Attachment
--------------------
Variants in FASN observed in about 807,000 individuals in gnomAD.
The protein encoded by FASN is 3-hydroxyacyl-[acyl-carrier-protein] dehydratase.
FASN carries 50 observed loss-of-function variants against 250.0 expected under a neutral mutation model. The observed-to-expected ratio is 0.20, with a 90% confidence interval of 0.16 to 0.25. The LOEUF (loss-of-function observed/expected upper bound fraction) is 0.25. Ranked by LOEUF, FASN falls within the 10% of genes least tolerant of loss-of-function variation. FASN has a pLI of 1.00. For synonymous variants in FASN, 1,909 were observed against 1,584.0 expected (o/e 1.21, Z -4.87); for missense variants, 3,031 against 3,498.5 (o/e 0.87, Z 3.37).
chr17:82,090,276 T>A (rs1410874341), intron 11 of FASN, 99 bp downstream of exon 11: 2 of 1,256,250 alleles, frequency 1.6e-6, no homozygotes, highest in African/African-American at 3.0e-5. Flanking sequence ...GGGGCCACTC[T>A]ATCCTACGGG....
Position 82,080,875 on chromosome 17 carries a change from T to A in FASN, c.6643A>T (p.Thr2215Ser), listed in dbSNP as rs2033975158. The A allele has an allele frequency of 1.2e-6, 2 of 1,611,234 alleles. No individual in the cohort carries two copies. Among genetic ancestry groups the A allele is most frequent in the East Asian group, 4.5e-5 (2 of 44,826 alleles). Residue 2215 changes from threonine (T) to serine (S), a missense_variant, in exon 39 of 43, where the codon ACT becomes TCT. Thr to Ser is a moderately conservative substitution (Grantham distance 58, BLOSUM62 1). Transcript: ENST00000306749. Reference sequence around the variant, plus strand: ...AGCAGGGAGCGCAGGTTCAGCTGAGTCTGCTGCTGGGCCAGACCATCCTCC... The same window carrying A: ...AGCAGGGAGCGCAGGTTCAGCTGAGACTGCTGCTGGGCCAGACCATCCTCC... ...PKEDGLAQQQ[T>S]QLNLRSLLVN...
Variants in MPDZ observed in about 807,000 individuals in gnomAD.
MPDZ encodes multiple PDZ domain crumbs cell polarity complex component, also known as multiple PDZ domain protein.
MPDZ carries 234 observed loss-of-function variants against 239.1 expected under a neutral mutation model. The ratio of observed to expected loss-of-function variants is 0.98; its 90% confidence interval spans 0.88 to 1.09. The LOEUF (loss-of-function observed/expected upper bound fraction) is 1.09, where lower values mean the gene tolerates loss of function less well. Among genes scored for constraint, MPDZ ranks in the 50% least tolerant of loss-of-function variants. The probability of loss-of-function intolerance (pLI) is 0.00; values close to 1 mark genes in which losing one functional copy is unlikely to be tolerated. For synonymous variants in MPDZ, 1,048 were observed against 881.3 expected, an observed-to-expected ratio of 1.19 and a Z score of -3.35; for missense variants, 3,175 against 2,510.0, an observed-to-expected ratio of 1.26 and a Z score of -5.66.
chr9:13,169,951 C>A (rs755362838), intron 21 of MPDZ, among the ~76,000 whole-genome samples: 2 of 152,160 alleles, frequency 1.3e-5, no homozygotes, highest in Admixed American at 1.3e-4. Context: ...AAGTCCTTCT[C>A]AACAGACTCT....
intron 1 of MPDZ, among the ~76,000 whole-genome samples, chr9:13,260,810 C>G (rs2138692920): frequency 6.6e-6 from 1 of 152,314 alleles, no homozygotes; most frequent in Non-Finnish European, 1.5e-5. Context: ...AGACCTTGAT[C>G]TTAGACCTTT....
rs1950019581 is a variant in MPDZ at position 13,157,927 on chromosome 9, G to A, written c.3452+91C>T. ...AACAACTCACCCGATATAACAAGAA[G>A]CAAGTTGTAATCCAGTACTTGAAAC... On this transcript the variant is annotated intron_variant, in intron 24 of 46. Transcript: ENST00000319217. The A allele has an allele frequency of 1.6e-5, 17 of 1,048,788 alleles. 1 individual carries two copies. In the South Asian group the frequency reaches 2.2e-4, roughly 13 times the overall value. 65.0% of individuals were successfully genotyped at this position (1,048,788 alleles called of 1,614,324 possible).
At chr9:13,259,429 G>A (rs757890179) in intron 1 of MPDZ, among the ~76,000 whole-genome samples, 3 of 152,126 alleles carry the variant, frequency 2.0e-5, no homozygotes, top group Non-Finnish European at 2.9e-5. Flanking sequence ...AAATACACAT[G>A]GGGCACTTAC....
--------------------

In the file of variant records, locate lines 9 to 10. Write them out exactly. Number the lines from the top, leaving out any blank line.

chr9:13,169,951 C>A (rs755362838), intron 21 of MPDZ, among the ~76,000 whole-genome samples: 2 of 152,160 alleles, frequency 1.3e-5, no homozygotes, highest in Admixed American at 1.3e-4. Context: ...AAGTCCTTCT[C>A]AACAGACTCT....
intron 1 of MPDZ, among the ~76,000 whole-genome samples, chr9:13,260,810 C>G (rs2138692920): frequency 6.6e-6 from 1 of 152,314 alleles, no homozygotes; most frequent in Non-Finnish European, 1.5e-5. Context: ...AGACCTTGAT[C>G]TTAGACCTTT....